Anthony Benadie MPL
Provincial Leader – Mpumalanga
The DA welcomes the announcement on Friday by community safety, security and liaison MEC Vusi Shongwe that contact crimes have been reduced, but we remain concerned that the war on crime will never be won unless police resources are significantly increased.
The news of a reduction in crimes recorded is always welcome, but the DA remains sceptical as to how over 37 000 incidences of contact crime in the course of a year can be regarded as a victory. Besides, there are seven more murders during this reporting year at 729, and although a significant reduction from the 1099 reported in 2004/5, it is still 729 murders too many.
The DA is not convinced that the reduced number of contact crimes is a result of proactive policing. These crimes tend to occur randomly and are normally subject to a number of influencing factors, such as drug or alcohol abuse.
That said, crimes which could be prevented by a heavier police presence in our streets, rural areas and townships are on increase. Robberies at home or in businesses, burglaries at both, theft and stock theft are all on the increase, proving that there are simply not enough policemen and women on the ground fighting crime.
It is a widely known fact that the SAPS is critically underfunded and under-resourced. Active policing shifts are in critical need of personnel, vehicles and equipment. It is not uncommon to have only two or three vehicles and 10 police officers on shift to serve densely populated urban areas. Rural areas are even more poorly policed, as patrol beats cover hundreds of square kilometres, and police simply cannot get to emergencies fast enough.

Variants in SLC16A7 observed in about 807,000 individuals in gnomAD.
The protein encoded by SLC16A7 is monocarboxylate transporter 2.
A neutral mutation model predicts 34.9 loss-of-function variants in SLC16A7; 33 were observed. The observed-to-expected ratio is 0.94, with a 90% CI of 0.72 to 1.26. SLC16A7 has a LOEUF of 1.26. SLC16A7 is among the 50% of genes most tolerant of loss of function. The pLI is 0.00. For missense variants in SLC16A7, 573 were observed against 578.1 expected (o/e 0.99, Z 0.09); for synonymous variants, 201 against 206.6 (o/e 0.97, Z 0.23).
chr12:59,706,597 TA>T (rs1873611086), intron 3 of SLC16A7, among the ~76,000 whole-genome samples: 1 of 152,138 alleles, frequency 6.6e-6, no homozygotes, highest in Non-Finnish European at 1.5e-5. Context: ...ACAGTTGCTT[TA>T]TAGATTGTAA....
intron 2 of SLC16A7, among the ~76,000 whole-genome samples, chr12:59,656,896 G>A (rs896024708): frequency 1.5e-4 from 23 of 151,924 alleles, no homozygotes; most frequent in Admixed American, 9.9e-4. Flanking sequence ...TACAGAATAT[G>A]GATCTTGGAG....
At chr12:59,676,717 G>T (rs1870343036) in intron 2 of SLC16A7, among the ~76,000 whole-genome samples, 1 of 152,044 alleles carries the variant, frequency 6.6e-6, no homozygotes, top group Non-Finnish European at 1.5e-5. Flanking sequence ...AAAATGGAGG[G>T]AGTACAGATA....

Detectives have case-loads numbering in the hundreds, and are simply not able to investigate each as thoroughly as possible, and more often than not, have to share one vehicle with two or three other detectives.
However, it does appear that police operations are yielding positive results, as more cases of illegal possession of firearms and ammunition, driving under the influence of drugs or alcohol, and drug related incidents were filed, proving our point that an increased police presence will reduce crime.
The war on crime will not be won if government continues to neglect the dedicated men and women in blue while they go about the execution of their duties. Not just does Mpumalanga need more proactive police and detectives in the front lines, but we need to establish specialised units to deal with certain crimes. We need rural safety units, anti-drug units and sexual crime units. As an interim measure units such as Tactical Response Teams must be deployed to crime hot-spots, and conduct regular stop-and-search operations as well increased patrols.
Mpumalanga’s current policing programme is not yielding the necessary results, and needs to be realigned to create an effective response to crime.